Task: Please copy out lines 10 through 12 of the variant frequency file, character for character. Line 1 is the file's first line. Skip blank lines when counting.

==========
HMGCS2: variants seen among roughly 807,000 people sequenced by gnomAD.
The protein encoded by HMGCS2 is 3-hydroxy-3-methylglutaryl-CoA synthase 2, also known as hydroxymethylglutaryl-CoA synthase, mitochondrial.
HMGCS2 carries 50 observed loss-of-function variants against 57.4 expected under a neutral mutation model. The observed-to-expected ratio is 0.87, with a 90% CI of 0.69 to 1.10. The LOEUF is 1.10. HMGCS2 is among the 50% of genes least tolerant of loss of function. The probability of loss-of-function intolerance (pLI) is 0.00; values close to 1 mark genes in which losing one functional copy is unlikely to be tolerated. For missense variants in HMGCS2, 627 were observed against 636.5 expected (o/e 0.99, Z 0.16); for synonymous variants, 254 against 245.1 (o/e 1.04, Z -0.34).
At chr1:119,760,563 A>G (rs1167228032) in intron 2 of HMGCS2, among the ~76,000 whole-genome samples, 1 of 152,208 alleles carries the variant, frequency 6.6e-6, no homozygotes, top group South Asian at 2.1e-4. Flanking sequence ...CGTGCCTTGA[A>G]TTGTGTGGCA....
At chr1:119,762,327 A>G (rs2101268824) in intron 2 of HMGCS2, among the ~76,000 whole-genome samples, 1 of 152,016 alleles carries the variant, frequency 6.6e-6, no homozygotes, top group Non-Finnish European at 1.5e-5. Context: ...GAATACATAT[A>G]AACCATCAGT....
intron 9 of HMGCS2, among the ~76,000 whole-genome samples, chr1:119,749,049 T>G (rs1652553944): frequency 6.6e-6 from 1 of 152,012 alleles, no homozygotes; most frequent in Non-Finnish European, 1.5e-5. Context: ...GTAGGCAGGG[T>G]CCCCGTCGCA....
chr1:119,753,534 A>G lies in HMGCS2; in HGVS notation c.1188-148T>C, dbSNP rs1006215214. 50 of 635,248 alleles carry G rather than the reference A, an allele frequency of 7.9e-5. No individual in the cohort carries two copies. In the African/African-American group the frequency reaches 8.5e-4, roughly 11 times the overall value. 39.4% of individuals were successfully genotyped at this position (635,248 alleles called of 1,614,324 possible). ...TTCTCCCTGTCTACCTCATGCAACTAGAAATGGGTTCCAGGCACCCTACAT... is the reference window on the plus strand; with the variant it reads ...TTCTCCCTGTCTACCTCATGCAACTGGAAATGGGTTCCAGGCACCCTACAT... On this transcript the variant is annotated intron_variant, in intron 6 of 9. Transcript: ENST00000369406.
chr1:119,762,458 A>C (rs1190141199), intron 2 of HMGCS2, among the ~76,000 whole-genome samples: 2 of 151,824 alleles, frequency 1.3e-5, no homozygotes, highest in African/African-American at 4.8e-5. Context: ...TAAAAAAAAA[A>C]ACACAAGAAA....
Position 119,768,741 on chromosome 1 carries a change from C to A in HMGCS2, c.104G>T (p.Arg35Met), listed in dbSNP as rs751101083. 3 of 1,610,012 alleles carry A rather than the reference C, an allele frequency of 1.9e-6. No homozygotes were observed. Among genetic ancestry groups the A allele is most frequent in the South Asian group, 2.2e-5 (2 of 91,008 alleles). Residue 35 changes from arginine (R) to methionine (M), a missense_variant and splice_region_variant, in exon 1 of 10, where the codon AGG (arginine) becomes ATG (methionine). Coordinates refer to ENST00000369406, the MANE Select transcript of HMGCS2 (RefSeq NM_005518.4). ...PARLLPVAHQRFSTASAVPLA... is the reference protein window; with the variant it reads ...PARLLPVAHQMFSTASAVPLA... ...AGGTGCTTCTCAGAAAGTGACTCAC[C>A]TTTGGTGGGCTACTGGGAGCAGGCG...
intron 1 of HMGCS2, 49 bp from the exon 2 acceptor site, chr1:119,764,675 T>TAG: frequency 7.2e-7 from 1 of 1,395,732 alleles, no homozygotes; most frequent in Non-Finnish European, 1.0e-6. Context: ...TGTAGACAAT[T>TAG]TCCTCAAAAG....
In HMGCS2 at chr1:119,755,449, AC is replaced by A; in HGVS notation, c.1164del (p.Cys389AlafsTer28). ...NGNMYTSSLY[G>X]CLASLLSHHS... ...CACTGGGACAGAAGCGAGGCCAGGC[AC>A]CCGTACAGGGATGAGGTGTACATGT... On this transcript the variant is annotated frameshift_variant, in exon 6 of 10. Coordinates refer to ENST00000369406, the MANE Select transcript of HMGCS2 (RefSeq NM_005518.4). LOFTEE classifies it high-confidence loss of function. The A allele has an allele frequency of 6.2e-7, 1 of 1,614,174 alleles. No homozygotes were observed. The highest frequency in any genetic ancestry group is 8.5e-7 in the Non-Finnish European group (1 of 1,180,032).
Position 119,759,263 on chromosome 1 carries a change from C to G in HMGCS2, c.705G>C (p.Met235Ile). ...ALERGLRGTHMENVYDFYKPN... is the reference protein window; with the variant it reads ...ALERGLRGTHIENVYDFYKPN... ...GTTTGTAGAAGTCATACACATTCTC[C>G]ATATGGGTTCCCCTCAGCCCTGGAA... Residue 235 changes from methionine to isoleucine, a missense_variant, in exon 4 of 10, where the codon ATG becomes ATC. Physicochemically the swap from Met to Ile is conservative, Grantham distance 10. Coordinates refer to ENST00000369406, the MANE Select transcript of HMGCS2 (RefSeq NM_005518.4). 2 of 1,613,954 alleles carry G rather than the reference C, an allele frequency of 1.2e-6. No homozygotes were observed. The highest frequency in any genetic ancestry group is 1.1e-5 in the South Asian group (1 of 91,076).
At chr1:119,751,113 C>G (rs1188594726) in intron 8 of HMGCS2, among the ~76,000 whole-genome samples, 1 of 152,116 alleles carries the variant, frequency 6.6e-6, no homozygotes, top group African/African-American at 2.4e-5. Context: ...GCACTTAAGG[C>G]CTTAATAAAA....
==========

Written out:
intron 1 of HMGCS2, 49 bp from the exon 2 acceptor site, chr1:119,764,675 T>TAG: frequency 7.2e-7 from 1 of 1,395,732 alleles, no homozygotes; most frequent in Non-Finnish European, 1.0e-6. Context: ...TGTAGACAAT[T>TAG]TCCTCAAAAG....
In HMGCS2 at chr1:119,755,449, AC is replaced by A; in HGVS notation, c.1164del (p.Cys389AlafsTer28). ...NGNMYTSSLY[G>X]CLASLLSHHS... ...CACTGGGACAGAAGCGAGGCCAGGC[AC>A]CCGTACAGGGATGAGGTGTACATGT... On this transcript the variant is annotated frameshift_variant, in exon 6 of 10. Coordinates refer to ENST00000369406, the MANE Select transcript of HMGCS2 (RefSeq NM_005518.4). LOFTEE classifies it high-confidence loss of function. The A allele has an allele frequency of 6.2e-7, 1 of 1,614,174 alleles. No homozygotes were observed. The highest frequency in any genetic ancestry group is 8.5e-7 in the Non-Finnish European group (1 of 1,180,032).
Position 119,759,263 on chromosome 1 carries a change from C to G in HMGCS2, c.705G>C (p.Met235Ile). ...ALERGLRGTHMENVYDFYKPN... is the reference protein window; with the variant it reads ...ALERGLRGTHIENVYDFYKPN... ...GTTTGTAGAAGTCATACACATTCTC[C>G]ATATGGGTTCCCCTCAGCCCTGGAA... Residue 235 changes from methionine to isoleucine, a missense_variant, in exon 4 of 10, where the codon ATG becomes ATC. Physicochemically the swap from Met to Ile is conservative, Grantham distance 10. Coordinates refer to ENST00000369406, the MANE Select transcript of HMGCS2 (RefSeq NM_005518.4). 2 of 1,613,954 alleles carry G rather than the reference C, an allele frequency of 1.2e-6. No homozygotes were observed. The highest frequency in any genetic ancestry group is 1.1e-5 in the South Asian group (1 of 91,076).